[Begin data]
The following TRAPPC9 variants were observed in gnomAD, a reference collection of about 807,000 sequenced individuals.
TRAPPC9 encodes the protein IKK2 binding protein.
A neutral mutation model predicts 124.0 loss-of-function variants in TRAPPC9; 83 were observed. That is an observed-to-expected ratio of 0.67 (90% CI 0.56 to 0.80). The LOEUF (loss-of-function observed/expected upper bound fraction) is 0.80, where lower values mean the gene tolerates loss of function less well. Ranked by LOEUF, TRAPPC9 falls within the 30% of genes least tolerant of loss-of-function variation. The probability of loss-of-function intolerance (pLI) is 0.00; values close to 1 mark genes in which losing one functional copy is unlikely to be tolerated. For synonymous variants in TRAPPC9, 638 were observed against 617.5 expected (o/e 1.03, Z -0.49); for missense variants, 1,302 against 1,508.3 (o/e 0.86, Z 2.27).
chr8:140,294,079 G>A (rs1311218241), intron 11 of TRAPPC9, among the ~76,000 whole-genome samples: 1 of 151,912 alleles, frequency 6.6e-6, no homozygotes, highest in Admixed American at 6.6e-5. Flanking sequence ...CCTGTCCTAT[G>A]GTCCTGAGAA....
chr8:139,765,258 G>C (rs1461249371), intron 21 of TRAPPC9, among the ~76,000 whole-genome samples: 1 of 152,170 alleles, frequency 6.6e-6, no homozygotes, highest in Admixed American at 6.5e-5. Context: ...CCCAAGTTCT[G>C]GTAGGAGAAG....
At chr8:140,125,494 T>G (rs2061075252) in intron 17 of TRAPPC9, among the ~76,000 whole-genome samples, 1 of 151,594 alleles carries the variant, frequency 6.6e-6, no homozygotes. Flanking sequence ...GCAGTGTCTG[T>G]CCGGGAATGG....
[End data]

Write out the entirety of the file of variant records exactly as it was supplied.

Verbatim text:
The following TRAPPC9 variants were observed in gnomAD, a reference collection of about 807,000 sequenced individuals.
TRAPPC9 encodes the protein IKK2 binding protein.
A neutral mutation model predicts 124.0 loss-of-function variants in TRAPPC9; 83 were observed. That is an observed-to-expected ratio of 0.67 (90% CI 0.56 to 0.80). The LOEUF (loss-of-function observed/expected upper bound fraction) is 0.80, where lower values mean the gene tolerates loss of function less well. Ranked by LOEUF, TRAPPC9 falls within the 30% of genes least tolerant of loss-of-function variation. The probability of loss-of-function intolerance (pLI) is 0.00; values close to 1 mark genes in which losing one functional copy is unlikely to be tolerated. For synonymous variants in TRAPPC9, 638 were observed against 617.5 expected (o/e 1.03, Z -0.49); for missense variants, 1,302 against 1,508.3 (o/e 0.86, Z 2.27).
chr8:140,294,079 G>A (rs1311218241), intron 11 of TRAPPC9, among the ~76,000 whole-genome samples: 1 of 151,912 alleles, frequency 6.6e-6, no homozygotes, highest in Admixed American at 6.6e-5. Flanking sequence ...CCTGTCCTAT[G>A]GTCCTGAGAA....
chr8:139,765,258 G>C (rs1461249371), intron 21 of TRAPPC9, among the ~76,000 whole-genome samples: 1 of 152,170 alleles, frequency 6.6e-6, no homozygotes, highest in Admixed American at 6.5e-5. Context: ...CCCAAGTTCT[G>C]GTAGGAGAAG....
At chr8:140,125,494 T>G (rs2061075252) in intron 17 of TRAPPC9, among the ~76,000 whole-genome samples, 1 of 151,594 alleles carries the variant, frequency 6.6e-6, no homozygotes. Flanking sequence ...GCAGTGTCTG[T>G]CCGGGAATGG....